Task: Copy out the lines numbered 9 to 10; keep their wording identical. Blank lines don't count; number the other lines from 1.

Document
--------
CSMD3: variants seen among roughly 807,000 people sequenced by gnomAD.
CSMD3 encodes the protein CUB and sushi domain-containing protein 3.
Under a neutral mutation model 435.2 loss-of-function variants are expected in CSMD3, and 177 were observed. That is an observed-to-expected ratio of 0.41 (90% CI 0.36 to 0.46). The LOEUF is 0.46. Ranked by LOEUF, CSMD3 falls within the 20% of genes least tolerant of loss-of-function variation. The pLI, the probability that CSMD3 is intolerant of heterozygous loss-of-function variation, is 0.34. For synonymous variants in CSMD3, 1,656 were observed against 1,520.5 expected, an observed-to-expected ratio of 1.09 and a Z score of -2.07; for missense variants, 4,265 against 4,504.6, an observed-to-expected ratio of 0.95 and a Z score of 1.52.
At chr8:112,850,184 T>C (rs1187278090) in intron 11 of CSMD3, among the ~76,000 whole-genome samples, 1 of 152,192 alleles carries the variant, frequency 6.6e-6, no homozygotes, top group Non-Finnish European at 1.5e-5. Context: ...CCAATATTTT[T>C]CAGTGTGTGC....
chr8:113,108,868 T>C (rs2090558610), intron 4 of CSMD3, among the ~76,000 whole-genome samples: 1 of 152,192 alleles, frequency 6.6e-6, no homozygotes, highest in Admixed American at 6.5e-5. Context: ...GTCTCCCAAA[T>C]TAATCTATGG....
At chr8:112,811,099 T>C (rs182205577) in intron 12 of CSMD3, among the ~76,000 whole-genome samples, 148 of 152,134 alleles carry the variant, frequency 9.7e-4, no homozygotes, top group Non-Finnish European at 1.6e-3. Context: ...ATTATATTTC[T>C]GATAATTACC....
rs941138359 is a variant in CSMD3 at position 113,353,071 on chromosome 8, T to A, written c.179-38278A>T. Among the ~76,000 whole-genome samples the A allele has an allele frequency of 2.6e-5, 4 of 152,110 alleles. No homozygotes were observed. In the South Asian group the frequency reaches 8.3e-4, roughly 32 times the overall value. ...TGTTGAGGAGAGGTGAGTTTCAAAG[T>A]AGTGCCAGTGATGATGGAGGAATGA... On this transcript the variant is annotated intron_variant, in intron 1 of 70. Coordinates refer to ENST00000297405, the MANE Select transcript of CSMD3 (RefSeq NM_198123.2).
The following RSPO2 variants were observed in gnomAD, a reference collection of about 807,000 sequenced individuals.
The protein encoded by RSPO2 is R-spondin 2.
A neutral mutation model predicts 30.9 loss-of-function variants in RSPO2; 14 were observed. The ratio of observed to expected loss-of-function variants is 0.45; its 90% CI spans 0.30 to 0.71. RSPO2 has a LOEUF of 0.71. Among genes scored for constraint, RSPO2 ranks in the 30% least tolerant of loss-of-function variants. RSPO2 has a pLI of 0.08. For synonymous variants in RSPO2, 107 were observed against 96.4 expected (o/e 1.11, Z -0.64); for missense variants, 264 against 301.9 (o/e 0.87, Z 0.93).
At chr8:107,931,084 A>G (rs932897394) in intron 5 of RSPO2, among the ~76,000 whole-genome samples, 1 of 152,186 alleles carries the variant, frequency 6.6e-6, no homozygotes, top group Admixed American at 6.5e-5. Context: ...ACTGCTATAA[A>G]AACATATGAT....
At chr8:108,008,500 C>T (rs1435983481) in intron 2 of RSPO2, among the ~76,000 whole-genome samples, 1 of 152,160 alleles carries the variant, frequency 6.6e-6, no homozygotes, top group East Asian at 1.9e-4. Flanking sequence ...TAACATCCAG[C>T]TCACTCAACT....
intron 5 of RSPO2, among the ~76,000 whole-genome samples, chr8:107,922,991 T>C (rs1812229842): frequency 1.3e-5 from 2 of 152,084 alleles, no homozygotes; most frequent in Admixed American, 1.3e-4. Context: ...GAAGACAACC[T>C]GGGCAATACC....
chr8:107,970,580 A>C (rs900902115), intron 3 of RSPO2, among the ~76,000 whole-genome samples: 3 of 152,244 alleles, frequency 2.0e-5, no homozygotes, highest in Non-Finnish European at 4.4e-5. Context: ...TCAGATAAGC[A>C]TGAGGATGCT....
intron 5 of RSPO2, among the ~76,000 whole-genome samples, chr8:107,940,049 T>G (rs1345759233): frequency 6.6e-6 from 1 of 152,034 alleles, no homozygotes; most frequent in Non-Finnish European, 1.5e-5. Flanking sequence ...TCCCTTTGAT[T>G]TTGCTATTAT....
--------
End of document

The protein encoded by RSPO2 is R-spondin 2.
A neutral mutation model predicts 30.9 loss-of-function variants in RSPO2; 14 were observed. The ratio of observed to expected loss-of-function variants is 0.45; its 90% CI spans 0.30 to 0.71. RSPO2 has a LOEUF of 0.71. Among genes scored for constraint, RSPO2 ranks in the 30% least tolerant of loss-of-function variants. RSPO2 has a pLI of 0.08. For synonymous variants in RSPO2, 107 were observed against 96.4 expected (o/e 1.11, Z -0.64); for missense variants, 264 against 301.9 (o/e 0.87, Z 0.93).